• NGO helps stop diarrhea outbreak


    ALAMADA: Swift action by Save the Children Fund prevented more deaths and helped families affected by the diarrhea outbreak in the villages of Alamada recently.

    Integrated Provincial Health Office in North Cotabato said the outbreak claimed 10 lives, including four children.

    About 1,150 households in Barangay Dado received life-saving essential items like potable water, clean containers and the water disinfectant hyposol (sodium hypochlorite solution) to make drinking water safe for consumption.

    The Department of Health National Epidemiology Center said the diarrhea outbreak was caused by contaminated water from leaking pipes at water distribution sites and improvised bamboo pipes.

    The village’s source of drinking water comes from springs that have hose or bamboo pipes connected to homes.

    Initial assessment confirmed that residents do not boil water before drinking and many defecate outside due to the lack of toilets.

    To help the Alamada Provincial Community Hospital treat patients, Save the Children provided an Inter-agency Diarrheal Disease Kit capable of treating 100 severe cholera cases and 400 moderate cases.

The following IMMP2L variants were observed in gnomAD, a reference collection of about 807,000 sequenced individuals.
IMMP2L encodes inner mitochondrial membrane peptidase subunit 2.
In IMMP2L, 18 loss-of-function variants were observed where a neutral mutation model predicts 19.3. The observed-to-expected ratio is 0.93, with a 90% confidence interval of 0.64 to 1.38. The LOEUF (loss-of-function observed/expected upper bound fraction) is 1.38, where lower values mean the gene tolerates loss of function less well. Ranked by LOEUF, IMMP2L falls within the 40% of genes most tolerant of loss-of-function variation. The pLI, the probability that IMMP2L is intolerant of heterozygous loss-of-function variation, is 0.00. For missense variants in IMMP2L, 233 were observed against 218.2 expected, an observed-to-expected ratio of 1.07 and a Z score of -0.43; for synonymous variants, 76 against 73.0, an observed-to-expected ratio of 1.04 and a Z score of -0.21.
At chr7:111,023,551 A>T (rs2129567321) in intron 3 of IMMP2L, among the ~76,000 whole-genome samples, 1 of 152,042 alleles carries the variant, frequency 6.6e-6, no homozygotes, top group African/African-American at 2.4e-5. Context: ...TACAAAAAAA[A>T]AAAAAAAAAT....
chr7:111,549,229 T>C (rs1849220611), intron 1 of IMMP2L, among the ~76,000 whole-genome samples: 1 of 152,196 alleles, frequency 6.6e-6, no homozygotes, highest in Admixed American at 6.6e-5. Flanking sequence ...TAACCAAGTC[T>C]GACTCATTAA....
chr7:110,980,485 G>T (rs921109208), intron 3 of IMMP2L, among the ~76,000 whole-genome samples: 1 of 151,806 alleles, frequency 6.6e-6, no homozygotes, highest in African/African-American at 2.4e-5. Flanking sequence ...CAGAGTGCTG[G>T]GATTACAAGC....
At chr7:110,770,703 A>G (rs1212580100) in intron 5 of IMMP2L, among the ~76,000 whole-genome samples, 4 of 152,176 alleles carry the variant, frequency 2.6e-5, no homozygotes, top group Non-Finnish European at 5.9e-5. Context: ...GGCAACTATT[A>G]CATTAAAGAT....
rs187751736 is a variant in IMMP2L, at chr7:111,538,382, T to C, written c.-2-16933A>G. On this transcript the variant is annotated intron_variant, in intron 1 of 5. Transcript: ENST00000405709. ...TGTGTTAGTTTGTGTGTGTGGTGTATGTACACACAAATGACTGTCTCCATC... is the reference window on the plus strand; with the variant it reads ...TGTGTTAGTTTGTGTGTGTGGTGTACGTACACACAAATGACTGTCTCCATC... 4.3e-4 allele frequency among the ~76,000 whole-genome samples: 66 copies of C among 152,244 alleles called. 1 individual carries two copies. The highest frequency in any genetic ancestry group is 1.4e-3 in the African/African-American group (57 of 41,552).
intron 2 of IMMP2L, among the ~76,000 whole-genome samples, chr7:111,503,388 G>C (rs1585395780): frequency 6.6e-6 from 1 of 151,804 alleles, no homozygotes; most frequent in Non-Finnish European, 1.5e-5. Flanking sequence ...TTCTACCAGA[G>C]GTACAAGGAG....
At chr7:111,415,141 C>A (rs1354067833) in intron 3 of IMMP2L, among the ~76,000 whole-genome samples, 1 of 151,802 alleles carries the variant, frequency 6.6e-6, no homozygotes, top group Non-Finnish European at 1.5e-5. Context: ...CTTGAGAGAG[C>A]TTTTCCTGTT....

The non-profit organization will also provide 10 cholera beds to the hospital and two cholera beds in each community health station in diarrhea-affected barangays. It will also gives technical support to the health staff.

    Out of Alamada’s 17 barangays, Barangay Dado, with 2,412 households, was severely affected by the outbreak with 756 cases of diarrhea. Of that number, four tested positive for cholera.

    “We need to take immediate action to prevent more loss of life and help provide the communities with much-needed health and sanitation support. Save the Children has distributed clean water containers and hyposol to all families in Barangay Dado and other barangays to make their drinking water potable. Children have the right to safe and clean drinking water which is necessary for their survival,” said Ned Olney, Save the Children in the Philippines country director.


    Please follow our commenting guidelines.

    Comments are closed.